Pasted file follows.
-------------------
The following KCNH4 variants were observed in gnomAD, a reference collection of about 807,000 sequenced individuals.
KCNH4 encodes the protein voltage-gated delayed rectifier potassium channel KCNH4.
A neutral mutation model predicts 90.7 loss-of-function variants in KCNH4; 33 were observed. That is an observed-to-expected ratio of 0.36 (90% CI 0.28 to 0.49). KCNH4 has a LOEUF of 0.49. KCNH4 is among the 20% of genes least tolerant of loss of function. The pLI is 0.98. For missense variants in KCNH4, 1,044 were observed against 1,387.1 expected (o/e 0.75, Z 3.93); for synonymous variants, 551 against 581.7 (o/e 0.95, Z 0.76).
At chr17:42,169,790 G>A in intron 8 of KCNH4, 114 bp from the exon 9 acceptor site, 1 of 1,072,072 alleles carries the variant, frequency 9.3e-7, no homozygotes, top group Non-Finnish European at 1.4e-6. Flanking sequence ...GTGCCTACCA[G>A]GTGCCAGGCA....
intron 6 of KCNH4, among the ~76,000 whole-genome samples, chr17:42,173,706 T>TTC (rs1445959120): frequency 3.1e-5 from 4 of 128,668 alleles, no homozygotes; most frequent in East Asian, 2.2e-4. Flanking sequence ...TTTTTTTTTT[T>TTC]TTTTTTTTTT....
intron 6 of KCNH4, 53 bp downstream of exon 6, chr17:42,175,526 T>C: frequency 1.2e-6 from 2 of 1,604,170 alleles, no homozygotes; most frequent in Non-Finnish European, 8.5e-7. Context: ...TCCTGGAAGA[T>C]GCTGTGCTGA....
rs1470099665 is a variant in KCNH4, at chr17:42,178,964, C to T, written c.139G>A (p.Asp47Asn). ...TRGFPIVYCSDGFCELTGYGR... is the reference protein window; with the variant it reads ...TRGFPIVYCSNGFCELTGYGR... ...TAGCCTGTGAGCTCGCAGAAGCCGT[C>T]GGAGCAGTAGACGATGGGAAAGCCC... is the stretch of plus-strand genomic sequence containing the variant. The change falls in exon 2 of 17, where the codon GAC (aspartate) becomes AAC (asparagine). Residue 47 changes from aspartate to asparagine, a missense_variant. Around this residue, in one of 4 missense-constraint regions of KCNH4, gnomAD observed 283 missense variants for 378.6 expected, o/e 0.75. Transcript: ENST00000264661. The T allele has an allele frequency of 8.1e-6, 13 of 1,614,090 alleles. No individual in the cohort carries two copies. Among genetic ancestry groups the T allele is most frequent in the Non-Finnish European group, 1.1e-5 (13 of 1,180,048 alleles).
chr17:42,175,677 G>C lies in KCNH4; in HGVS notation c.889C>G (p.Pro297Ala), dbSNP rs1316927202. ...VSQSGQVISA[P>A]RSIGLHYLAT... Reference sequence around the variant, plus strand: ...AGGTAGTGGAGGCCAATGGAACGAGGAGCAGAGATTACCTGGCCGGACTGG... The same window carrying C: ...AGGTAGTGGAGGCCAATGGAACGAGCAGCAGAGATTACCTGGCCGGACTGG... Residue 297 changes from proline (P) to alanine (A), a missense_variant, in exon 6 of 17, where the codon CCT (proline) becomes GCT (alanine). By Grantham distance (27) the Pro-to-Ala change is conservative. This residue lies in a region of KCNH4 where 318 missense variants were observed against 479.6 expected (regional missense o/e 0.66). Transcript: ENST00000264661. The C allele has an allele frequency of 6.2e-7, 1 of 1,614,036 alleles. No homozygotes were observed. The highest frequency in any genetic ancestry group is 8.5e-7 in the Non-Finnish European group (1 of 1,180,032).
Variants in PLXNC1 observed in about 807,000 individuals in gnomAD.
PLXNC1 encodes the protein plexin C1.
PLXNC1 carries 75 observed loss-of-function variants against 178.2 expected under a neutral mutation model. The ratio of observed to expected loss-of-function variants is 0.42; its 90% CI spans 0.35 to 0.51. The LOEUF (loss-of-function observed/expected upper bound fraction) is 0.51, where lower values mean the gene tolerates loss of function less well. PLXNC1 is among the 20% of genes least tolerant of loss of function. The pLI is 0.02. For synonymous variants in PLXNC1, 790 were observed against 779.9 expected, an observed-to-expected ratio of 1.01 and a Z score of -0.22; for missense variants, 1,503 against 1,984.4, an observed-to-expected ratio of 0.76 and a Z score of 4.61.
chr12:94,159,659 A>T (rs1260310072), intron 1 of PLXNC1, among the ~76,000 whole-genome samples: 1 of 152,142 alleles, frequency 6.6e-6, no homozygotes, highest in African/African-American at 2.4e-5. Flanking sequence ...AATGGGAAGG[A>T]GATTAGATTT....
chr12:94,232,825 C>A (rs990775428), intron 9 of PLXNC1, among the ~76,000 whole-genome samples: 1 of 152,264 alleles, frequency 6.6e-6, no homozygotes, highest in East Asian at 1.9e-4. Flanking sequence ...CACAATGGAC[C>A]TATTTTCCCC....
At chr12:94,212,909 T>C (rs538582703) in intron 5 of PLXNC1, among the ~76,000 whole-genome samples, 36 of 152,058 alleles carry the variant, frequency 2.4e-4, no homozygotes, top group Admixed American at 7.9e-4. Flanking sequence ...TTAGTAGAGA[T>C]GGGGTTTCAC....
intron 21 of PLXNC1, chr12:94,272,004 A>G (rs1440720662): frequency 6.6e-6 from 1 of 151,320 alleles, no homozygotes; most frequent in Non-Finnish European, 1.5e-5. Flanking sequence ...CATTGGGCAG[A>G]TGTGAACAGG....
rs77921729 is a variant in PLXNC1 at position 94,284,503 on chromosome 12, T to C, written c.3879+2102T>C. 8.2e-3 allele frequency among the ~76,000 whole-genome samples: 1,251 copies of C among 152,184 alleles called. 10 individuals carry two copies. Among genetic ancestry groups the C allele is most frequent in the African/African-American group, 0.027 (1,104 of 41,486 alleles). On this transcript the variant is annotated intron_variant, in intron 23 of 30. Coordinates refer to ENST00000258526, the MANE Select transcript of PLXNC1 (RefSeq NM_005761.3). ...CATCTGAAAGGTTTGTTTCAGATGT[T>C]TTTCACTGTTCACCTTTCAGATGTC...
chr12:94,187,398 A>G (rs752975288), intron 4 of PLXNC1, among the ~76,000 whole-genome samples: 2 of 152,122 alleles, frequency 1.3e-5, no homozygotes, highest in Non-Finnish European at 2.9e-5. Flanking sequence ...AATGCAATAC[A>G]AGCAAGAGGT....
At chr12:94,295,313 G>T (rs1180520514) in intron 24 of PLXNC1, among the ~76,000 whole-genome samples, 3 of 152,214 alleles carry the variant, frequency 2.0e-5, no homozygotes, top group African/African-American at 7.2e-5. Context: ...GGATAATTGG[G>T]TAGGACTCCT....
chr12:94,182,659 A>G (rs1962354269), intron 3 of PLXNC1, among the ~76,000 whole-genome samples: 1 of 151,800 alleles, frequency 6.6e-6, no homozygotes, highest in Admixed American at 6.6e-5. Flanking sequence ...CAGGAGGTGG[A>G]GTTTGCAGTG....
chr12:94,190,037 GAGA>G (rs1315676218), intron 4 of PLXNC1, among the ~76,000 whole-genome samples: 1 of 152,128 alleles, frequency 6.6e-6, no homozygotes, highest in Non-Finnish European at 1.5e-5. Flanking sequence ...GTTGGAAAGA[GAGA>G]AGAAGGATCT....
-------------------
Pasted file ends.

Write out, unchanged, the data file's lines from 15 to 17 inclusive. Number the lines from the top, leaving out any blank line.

intron 21 of PLXNC1, chr12:94,272,004 A>G (rs1440720662): frequency 6.6e-6 from 1 of 151,320 alleles, no homozygotes; most frequent in Non-Finnish European, 1.5e-5. Flanking sequence ...CATTGGGCAG[A>G]TGTGAACAGG....
rs77921729 is a variant in PLXNC1 at position 94,284,503 on chromosome 12, T to C, written c.3879+2102T>C. 8.2e-3 allele frequency among the ~76,000 whole-genome samples: 1,251 copies of C among 152,184 alleles called. 10 individuals carry two copies. Among genetic ancestry groups the C allele is most frequent in the African/African-American group, 0.027 (1,104 of 41,486 alleles). On this transcript the variant is annotated intron_variant, in intron 23 of 30. Coordinates refer to ENST00000258526, the MANE Select transcript of PLXNC1 (RefSeq NM_005761.3). ...CATCTGAAAGGTTTGTTTCAGATGT[T>C]TTTCACTGTTCACCTTTCAGATGTC...
chr12:94,187,398 A>G (rs752975288), intron 4 of PLXNC1, among the ~76,000 whole-genome samples: 2 of 152,122 alleles, frequency 1.3e-5, no homozygotes, highest in Non-Finnish European at 2.9e-5. Flanking sequence ...AATGCAATAC[A>G]AGCAAGAGGT....